Fifthly SJ is objecting because he feels this new evidence impacts on the witness that is due to stand (Dr Klink) and he needs time, and this ‘delay’ will impact on the case management of the hearing.


There was a much discussion between the two QCs and the chair of the panel about how to proceed.

Polite but firm legal discussion.

From that dialogue, the pendulum swung both ways as to whether this would be allowed or not.

The Chair asked to be given the documents to decide what was and wasn’t admissible and then consider whether none, all or some were acceptable and (as may be the case) parts of some, with parts redacted. Of course, once seen, then can they be unseen? The chair then said he would be mindful of the objections from SJ but hoped he wouldn’t object to them being admissible.


PubMed (or rather can’t see med)

It also transpired that the GMC STILL can’t get or see the PubMed material that is being presented as reference for the refence by Dr W.

It seems there was an oversight in who sent what, but more importantly, WHY can’t the GMC, the governing body for the regulation of medical practitioners NOT have access to this by ordinary paid for means. HOW can they remain up to date as a regulatory authority when publications that are readily available are beyond there subscription service?

As I understand it. the reference documents are published in the public domain, albeit behind a subscription paywall. They are not secret or hidden away to be revealed as and when needed. These are freely available to ANYONE with the correct subscription.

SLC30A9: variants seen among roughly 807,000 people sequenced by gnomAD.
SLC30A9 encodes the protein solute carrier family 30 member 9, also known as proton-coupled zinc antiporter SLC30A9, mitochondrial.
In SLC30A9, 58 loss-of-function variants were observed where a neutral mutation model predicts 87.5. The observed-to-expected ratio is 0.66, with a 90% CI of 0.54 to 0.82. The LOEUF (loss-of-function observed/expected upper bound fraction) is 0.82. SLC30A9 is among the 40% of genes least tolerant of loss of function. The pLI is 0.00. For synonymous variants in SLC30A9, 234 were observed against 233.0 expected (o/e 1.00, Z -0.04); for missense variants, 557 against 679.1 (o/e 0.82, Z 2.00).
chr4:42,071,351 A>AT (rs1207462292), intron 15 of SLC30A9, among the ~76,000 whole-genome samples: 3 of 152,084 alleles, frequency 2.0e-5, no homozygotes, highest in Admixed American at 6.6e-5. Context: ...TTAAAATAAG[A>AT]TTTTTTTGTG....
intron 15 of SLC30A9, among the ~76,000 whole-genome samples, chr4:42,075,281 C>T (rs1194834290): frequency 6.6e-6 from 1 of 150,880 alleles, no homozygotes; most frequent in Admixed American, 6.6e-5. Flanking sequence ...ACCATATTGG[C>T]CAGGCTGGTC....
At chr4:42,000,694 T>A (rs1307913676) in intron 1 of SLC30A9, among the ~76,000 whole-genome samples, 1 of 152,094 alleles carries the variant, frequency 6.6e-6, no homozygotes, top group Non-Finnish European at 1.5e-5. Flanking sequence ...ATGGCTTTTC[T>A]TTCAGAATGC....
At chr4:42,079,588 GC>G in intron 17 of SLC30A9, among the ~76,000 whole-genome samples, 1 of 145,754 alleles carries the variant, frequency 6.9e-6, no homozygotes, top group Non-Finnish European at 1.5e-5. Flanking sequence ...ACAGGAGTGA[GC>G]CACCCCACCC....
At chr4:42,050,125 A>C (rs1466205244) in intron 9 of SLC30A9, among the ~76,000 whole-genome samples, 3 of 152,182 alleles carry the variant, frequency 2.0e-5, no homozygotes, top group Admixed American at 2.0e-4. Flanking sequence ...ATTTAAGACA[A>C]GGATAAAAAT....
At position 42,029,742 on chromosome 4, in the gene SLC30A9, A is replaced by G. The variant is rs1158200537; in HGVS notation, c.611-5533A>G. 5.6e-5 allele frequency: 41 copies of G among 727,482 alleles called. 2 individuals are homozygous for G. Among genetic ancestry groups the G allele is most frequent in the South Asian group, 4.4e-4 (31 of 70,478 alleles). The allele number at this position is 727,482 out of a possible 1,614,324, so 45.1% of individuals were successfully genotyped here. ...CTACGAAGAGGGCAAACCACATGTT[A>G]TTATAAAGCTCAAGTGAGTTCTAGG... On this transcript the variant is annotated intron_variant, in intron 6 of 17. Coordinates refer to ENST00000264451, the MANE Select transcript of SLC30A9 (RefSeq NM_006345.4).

Back to the admissibility


It’s all in a statement

SJ read to the hearing a paragraph from Dr Bouman’s report. Remember Dr Bouman is the rolling chairperson of WPATH, the body that gives guidance on healthcare protocols. He is/was also a director of the GIC in Nottingham and has wide experience in treating trans patients, including children.

SJ read out this:

“Dr Webberley has acted in the best interests of the Pt, preventing  years of suffering, on balance of probability her prescription of T was adequate.”

That one statement doesn’t help the GMC one little bit. It needs to be seen in the context of the whole report to understand how and why he came to that conclusion.

SJ suggests that Dr B isn’t qualified to be the expert on matters of pt. A as he hasn’t treated a patient under 15.

Let’s not forget, that his ‘expert’ witness Dr A, hadn’t treated a trans patient for GD or prescribed medication for a trans patient AT ALL, EVER.


Why is SJ worried?

He is potentially worried with good reason.


He (SJ) has to cross examine the witnesses put forward by Dr W’s team. As such he is trying to find holes in their argument, to help prove his own case.

He knows, but is not saying, that is going to be an up-hill task with the quality of experts and witness being put up by Dr W.